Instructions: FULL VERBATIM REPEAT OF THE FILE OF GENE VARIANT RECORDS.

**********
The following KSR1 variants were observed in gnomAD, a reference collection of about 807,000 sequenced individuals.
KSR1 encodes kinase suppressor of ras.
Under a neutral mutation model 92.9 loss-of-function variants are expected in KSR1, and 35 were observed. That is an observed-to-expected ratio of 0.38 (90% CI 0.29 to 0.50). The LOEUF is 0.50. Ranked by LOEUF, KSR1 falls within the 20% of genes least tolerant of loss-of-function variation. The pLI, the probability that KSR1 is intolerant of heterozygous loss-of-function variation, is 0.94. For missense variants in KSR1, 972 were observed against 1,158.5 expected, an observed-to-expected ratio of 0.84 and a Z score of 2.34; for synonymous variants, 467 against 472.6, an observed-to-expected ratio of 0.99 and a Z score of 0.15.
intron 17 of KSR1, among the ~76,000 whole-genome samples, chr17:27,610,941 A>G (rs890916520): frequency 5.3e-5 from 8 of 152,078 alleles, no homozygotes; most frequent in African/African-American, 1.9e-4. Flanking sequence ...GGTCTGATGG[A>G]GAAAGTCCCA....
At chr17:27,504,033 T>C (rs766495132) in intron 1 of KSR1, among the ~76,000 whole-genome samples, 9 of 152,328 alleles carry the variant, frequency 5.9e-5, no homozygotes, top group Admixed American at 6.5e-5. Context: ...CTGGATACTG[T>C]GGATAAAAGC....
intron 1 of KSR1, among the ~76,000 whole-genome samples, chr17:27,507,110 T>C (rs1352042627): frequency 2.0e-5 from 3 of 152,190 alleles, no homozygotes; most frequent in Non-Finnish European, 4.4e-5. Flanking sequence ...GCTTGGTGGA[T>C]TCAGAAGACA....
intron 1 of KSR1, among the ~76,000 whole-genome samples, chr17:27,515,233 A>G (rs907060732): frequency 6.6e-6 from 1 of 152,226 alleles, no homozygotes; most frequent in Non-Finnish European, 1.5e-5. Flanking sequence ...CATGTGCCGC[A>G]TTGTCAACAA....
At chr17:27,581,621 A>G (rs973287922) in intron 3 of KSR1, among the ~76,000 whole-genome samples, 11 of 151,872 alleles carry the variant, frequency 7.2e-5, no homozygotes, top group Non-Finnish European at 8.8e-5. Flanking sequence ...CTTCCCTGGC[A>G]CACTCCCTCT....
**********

The following KSR1 variants were observed in gnomAD, a reference collection of about 807,000 sequenced individuals.
KSR1 encodes kinase suppressor of ras.
Under a neutral mutation model 92.9 loss-of-function variants are expected in KSR1, and 35 were observed. That is an observed-to-expected ratio of 0.38 (90% CI 0.29 to 0.50). The LOEUF is 0.50. Ranked by LOEUF, KSR1 falls within the 20% of genes least tolerant of loss-of-function variation. The pLI, the probability that KSR1 is intolerant of heterozygous loss-of-function variation, is 0.94. For missense variants in KSR1, 972 were observed against 1,158.5 expected, an observed-to-expected ratio of 0.84 and a Z score of 2.34; for synonymous variants, 467 against 472.6, an observed-to-expected ratio of 0.99 and a Z score of 0.15.
intron 17 of KSR1, among the ~76,000 whole-genome samples, chr17:27,610,941 A>G (rs890916520): frequency 5.3e-5 from 8 of 152,078 alleles, no homozygotes; most frequent in African/African-American, 1.9e-4. Flanking sequence ...GGTCTGATGG[A>G]GAAAGTCCCA....
At chr17:27,504,033 T>C (rs766495132) in intron 1 of KSR1, among the ~76,000 whole-genome samples, 9 of 152,328 alleles carry the variant, frequency 5.9e-5, no homozygotes, top group Admixed American at 6.5e-5. Context: ...CTGGATACTG[T>C]GGATAAAAGC....
intron 1 of KSR1, among the ~76,000 whole-genome samples, chr17:27,507,110 T>C (rs1352042627): frequency 2.0e-5 from 3 of 152,190 alleles, no homozygotes; most frequent in Non-Finnish European, 4.4e-5. Flanking sequence ...GCTTGGTGGA[T>C]TCAGAAGACA....
intron 1 of KSR1, among the ~76,000 whole-genome samples, chr17:27,515,233 A>G (rs907060732): frequency 6.6e-6 from 1 of 152,226 alleles, no homozygotes; most frequent in Non-Finnish European, 1.5e-5. Flanking sequence ...CATGTGCCGC[A>G]TTGTCAACAA....
At chr17:27,581,621 A>G (rs973287922) in intron 3 of KSR1, among the ~76,000 whole-genome samples, 11 of 151,872 alleles carry the variant, frequency 7.2e-5, no homozygotes, top group Non-Finnish European at 8.8e-5. Flanking sequence ...CTTCCCTGGC[A>G]CACTCCCTCT....